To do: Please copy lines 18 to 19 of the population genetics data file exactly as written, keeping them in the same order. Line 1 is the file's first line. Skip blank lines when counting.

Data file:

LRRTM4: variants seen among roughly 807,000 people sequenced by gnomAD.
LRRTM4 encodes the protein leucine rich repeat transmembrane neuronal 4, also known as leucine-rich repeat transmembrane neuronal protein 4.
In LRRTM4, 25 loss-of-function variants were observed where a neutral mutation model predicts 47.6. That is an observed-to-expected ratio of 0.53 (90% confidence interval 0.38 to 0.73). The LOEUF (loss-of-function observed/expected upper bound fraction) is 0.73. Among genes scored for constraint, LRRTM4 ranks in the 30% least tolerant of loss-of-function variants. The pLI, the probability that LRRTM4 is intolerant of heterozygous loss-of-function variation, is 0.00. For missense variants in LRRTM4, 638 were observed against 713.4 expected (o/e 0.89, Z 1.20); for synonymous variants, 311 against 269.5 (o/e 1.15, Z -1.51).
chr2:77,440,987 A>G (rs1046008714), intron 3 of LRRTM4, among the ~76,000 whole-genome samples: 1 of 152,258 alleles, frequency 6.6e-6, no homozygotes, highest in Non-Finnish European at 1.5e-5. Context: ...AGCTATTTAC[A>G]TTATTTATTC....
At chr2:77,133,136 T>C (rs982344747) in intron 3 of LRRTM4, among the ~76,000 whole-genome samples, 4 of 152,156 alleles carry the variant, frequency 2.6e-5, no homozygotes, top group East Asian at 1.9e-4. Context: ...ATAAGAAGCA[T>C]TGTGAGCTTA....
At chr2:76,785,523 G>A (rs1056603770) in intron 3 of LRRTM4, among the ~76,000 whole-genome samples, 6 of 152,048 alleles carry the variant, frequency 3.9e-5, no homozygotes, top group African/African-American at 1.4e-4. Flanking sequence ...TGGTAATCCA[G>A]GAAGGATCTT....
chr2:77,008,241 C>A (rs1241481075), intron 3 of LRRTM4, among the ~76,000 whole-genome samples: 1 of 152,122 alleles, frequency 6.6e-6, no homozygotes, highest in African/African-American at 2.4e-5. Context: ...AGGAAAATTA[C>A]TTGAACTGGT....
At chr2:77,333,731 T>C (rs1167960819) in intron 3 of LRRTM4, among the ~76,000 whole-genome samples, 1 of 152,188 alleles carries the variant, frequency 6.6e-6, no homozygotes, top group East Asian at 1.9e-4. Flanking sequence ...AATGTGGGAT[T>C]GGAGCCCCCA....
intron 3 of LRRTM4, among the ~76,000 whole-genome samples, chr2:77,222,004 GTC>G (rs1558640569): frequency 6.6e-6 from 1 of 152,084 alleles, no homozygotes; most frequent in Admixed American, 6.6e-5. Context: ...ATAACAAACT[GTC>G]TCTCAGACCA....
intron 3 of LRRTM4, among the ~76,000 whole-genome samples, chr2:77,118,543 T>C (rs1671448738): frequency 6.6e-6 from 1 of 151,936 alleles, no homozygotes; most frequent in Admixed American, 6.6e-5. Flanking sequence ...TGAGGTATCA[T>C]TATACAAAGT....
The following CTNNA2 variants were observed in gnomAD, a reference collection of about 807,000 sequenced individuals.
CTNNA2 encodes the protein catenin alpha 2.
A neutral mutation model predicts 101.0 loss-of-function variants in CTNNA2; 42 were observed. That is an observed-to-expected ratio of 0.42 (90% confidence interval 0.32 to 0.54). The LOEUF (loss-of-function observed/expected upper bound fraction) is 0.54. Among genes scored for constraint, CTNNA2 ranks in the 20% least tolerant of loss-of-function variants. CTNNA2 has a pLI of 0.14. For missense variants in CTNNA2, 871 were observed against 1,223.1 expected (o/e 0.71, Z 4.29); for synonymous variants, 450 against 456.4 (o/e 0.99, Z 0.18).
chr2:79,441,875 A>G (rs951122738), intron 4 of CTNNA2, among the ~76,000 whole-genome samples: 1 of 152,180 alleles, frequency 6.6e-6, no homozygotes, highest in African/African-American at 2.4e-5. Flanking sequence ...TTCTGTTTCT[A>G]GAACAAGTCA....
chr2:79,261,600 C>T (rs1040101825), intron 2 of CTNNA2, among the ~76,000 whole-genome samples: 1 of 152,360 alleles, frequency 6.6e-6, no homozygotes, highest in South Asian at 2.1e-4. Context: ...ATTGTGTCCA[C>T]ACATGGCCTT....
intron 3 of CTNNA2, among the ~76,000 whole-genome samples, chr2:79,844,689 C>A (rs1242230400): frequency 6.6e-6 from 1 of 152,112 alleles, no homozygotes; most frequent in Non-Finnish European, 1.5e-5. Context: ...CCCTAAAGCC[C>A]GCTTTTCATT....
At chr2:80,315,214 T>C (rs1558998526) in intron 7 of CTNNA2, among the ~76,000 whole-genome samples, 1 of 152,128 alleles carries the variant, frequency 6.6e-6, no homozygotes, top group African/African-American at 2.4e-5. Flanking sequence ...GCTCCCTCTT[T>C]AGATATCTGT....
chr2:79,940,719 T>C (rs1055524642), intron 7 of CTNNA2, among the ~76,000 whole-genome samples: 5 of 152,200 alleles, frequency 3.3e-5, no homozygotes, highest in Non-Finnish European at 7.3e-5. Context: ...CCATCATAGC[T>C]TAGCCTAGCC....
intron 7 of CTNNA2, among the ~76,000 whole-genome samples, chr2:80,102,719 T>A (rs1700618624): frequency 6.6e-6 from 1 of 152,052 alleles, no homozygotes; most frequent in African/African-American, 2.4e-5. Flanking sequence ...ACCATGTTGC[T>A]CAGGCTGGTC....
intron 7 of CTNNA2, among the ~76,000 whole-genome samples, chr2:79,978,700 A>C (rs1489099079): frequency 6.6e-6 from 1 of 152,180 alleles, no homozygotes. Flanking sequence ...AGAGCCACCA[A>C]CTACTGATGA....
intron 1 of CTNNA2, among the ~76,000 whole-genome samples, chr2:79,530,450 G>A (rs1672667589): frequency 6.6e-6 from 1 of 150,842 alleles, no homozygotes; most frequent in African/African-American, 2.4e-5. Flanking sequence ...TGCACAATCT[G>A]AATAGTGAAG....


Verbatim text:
chr2:79,940,719 T>C (rs1055524642), intron 7 of CTNNA2, among the ~76,000 whole-genome samples: 5 of 152,200 alleles, frequency 3.3e-5, no homozygotes, highest in Non-Finnish European at 7.3e-5. Context: ...CCATCATAGC[T>C]TAGCCTAGCC....
intron 7 of CTNNA2, among the ~76,000 whole-genome samples, chr2:80,102,719 T>A (rs1700618624): frequency 6.6e-6 from 1 of 152,052 alleles, no homozygotes; most frequent in African/African-American, 2.4e-5. Flanking sequence ...ACCATGTTGC[T>A]CAGGCTGGTC....